• What research does the person undertake prior to carrying out any transactions? For example, does he act on a tip from the financial pages of a newspaper, or has he access to expensive real-time information services? Does he undertake a thorough examination of the companies whose shares he might contemplate buying? Remember that only by carrying out actual transactions can any research, however extensive, bring the person profits, so compare the stated research with the number and frequency of transactions.
  • The number and frequency of transactions.
  • The length of time for which instruments are held. Are they bought and sold within minutes, or retained for some months or even longer? Be aware that, in some cases, transactions may be rolled over on a number of occasions, so they appear to be held long-term, but are in fact conceptually different from a long-term investment.
  • The time devoted to the activity. Consider how the person’s other commitments are likely to affect the amount of time available to devote to dealing.
  • Compare and contrast the activity with any dealing in financial instruments prior to the date on which trading is said to commence. There is a discussion at BIM56930 on whether particular activities amount to a separate trade or are bound up with an existing investment activity. Identify the grounds for which the person asserts that the activity now amounts to a trade.
  • Whether a service is provided to third parties.
  • Whether any dividends are returned as trading or investment income?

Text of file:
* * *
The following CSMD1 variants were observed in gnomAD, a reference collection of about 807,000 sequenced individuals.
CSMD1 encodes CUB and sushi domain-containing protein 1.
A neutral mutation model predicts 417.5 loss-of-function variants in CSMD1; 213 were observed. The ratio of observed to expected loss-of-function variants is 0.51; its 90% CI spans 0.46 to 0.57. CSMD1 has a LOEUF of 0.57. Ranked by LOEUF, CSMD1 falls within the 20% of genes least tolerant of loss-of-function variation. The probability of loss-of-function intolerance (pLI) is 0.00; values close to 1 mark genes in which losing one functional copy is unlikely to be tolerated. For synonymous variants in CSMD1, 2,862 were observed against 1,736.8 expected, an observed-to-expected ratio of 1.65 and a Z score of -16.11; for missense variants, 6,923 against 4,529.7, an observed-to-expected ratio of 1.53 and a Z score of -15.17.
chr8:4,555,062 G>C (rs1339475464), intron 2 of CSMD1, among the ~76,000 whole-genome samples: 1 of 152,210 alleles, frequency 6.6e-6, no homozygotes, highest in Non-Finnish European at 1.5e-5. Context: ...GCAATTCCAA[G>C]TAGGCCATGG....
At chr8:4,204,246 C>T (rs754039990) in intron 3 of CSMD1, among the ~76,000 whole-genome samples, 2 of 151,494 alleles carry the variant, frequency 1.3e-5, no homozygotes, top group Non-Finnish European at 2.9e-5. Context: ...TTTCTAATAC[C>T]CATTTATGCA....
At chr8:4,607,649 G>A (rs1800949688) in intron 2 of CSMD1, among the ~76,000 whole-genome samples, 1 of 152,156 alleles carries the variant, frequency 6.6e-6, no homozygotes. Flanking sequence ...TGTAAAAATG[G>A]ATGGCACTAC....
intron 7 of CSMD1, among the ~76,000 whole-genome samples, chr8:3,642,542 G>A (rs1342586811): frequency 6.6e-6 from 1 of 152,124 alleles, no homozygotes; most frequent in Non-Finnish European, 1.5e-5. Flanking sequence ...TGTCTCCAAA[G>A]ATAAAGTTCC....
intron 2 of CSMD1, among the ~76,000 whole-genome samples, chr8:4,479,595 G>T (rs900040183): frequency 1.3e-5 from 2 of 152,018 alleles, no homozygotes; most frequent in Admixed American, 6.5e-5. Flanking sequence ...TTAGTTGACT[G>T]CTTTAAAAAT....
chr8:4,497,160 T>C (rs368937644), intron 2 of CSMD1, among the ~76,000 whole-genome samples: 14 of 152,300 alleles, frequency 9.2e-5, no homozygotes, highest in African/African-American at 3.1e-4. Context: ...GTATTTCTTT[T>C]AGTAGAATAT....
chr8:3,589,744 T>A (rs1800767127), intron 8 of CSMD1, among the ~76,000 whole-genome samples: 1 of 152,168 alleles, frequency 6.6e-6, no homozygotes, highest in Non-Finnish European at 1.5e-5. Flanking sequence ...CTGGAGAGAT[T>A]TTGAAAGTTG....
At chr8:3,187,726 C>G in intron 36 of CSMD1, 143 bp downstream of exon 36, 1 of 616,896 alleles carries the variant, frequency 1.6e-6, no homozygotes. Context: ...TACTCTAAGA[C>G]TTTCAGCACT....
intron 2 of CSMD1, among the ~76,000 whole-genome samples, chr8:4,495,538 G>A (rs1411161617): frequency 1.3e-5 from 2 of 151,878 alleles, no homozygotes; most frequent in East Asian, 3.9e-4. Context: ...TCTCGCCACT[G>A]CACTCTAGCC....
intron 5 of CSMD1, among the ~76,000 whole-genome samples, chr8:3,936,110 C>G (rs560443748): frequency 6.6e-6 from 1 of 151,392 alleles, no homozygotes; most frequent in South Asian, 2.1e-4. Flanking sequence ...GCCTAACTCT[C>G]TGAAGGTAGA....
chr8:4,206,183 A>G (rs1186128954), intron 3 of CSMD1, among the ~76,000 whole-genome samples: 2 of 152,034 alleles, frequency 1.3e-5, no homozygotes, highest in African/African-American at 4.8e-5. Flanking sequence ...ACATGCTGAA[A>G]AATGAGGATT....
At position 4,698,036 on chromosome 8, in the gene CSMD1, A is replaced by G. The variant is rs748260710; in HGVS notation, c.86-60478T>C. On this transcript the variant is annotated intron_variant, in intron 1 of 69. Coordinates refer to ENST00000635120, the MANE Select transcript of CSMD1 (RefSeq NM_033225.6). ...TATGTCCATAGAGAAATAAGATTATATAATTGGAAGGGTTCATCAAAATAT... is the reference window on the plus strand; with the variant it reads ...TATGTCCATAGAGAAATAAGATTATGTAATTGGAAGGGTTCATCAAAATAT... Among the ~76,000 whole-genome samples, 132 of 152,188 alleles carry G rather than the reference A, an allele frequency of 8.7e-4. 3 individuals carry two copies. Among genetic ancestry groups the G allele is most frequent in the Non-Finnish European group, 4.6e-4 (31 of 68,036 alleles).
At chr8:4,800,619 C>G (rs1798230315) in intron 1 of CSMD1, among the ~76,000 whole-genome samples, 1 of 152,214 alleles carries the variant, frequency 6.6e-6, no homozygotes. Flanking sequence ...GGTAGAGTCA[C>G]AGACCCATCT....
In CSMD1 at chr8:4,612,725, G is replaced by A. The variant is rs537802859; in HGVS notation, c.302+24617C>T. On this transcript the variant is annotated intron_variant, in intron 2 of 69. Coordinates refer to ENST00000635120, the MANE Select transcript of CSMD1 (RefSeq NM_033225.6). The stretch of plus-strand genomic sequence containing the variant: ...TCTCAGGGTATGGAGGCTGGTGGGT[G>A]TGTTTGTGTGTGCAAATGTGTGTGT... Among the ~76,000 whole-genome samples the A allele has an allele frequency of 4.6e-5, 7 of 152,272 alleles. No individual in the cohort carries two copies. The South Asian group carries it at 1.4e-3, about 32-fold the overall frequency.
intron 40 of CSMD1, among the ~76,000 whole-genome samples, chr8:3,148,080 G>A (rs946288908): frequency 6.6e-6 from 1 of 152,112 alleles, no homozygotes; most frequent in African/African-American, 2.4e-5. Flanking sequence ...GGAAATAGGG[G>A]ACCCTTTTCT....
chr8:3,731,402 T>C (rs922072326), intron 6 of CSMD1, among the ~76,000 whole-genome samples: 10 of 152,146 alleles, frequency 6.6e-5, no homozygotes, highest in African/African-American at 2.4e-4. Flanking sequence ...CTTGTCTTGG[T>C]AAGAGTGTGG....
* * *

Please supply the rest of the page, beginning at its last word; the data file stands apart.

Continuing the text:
• The extent of the records kept or provided by brokers. Where transactions are carried out on a margin there will be specific documentation in relation to this between the broker and the individual.
  • Whether there is any fiscal motive for undertaking particular transactions.
  • Whether there is any non-trading motive for carrying on the activity, such as a hobby interest.

Reviewing the information

You should check the information provided against the paper records of the transactions, particularly in relation to the number and frequency of transactions, the length of time for which individual holdings were retained, and the range of instruments bought and sold.

Also check whether the information obtained is consistent. For example, in Wannell v Rothwell [1996] 68 TC 719, Robert Walker J said:

‘So in the only complete year of assessment, when the appellant was entering into transactions in both shares and commodities, there were in all 30 pairs of purchase and sale transactions: 60 buy or sell orders in the whole year. It is hard to know how this is to be reconciled with the picture of 8 to 16 telephone calls a day between the Appellant and his broker; and, if this matter was explored in cross-examination, the outcome is not recorded in the decision.’